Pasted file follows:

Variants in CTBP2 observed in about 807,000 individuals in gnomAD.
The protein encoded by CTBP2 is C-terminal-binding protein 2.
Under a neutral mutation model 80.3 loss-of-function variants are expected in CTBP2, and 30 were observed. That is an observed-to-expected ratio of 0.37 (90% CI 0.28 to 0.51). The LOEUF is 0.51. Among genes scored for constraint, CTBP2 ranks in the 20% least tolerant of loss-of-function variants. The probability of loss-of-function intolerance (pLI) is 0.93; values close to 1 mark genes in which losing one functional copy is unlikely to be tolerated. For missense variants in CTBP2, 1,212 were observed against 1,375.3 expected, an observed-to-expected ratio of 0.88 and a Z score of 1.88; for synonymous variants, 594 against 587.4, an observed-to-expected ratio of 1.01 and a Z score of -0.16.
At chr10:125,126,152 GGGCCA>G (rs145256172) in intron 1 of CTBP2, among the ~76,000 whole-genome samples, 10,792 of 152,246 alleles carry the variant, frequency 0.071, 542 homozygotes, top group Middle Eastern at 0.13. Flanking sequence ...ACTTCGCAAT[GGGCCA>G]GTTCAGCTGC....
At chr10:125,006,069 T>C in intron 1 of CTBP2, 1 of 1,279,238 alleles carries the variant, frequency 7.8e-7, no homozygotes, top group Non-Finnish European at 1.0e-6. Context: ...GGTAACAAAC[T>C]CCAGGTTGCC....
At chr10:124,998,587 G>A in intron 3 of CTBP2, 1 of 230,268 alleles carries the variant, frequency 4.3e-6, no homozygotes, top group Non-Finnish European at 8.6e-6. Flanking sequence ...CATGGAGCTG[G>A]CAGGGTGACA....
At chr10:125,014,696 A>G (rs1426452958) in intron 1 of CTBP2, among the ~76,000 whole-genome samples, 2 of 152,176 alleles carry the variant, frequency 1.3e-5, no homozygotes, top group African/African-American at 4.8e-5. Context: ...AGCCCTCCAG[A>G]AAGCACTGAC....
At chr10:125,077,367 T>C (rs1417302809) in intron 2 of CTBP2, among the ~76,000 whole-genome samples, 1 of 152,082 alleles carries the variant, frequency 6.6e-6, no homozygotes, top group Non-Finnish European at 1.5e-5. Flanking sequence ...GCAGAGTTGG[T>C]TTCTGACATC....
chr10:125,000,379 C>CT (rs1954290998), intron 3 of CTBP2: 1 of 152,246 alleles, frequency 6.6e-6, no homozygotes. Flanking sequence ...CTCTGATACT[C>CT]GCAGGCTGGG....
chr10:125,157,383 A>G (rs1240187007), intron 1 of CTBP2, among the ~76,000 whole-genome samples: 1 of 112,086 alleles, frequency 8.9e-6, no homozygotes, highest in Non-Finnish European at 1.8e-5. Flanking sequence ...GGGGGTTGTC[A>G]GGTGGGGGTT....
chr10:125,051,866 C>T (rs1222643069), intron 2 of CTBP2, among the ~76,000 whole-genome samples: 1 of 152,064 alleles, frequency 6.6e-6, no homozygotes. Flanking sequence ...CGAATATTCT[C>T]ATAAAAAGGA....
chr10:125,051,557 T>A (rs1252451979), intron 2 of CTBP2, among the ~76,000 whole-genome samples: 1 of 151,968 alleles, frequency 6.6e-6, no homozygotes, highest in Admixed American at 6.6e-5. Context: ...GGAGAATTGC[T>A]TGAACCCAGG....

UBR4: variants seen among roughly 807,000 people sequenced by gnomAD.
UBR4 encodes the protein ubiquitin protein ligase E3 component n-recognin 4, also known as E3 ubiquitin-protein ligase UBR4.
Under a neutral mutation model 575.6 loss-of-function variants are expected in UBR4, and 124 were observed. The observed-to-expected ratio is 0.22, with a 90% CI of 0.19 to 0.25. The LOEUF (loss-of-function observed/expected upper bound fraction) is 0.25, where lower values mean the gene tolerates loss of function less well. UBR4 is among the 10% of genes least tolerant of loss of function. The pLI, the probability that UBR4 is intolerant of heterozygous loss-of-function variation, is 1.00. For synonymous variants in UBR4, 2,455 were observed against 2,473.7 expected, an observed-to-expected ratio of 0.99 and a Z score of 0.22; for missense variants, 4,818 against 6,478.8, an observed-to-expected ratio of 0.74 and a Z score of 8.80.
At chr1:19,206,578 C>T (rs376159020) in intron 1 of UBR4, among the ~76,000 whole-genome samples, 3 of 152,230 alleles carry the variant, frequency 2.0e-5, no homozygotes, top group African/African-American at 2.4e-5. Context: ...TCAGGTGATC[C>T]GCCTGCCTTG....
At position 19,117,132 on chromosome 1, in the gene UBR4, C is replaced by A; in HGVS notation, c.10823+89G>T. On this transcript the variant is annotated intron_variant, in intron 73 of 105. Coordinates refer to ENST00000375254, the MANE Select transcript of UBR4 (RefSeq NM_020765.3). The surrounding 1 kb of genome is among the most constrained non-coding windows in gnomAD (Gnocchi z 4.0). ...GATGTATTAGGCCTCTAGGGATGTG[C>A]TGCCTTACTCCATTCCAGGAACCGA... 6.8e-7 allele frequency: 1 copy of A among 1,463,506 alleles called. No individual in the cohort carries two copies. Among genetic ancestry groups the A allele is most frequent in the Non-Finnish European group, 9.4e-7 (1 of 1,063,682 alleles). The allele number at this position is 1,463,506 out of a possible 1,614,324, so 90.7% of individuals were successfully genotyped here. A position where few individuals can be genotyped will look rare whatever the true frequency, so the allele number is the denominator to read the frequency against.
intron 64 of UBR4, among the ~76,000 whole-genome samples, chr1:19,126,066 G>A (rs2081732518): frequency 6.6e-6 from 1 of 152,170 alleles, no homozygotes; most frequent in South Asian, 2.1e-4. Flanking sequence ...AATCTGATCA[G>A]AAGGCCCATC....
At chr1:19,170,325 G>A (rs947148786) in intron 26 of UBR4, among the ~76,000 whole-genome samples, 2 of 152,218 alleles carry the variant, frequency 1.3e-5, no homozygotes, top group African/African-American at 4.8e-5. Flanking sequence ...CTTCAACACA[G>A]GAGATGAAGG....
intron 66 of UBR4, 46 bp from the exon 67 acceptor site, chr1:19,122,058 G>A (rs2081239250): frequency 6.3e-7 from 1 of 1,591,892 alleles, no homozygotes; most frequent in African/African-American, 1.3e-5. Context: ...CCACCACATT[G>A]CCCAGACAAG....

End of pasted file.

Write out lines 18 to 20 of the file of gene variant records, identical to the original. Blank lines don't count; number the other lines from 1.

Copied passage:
intron 64 of UBR4, among the ~76,000 whole-genome samples, chr1:19,126,066 G>A (rs2081732518): frequency 6.6e-6 from 1 of 152,170 alleles, no homozygotes; most frequent in South Asian, 2.1e-4. Flanking sequence ...AATCTGATCA[G>A]AAGGCCCATC....
At chr1:19,170,325 G>A (rs947148786) in intron 26 of UBR4, among the ~76,000 whole-genome samples, 2 of 152,218 alleles carry the variant, frequency 1.3e-5, no homozygotes, top group African/African-American at 4.8e-5. Flanking sequence ...CTTCAACACA[G>A]GAGATGAAGG....
intron 66 of UBR4, 46 bp from the exon 67 acceptor site, chr1:19,122,058 G>A (rs2081239250): frequency 6.3e-7 from 1 of 1,591,892 alleles, no homozygotes; most frequent in African/African-American, 1.3e-5. Context: ...CCACCACATT[G>A]CCCAGACAAG....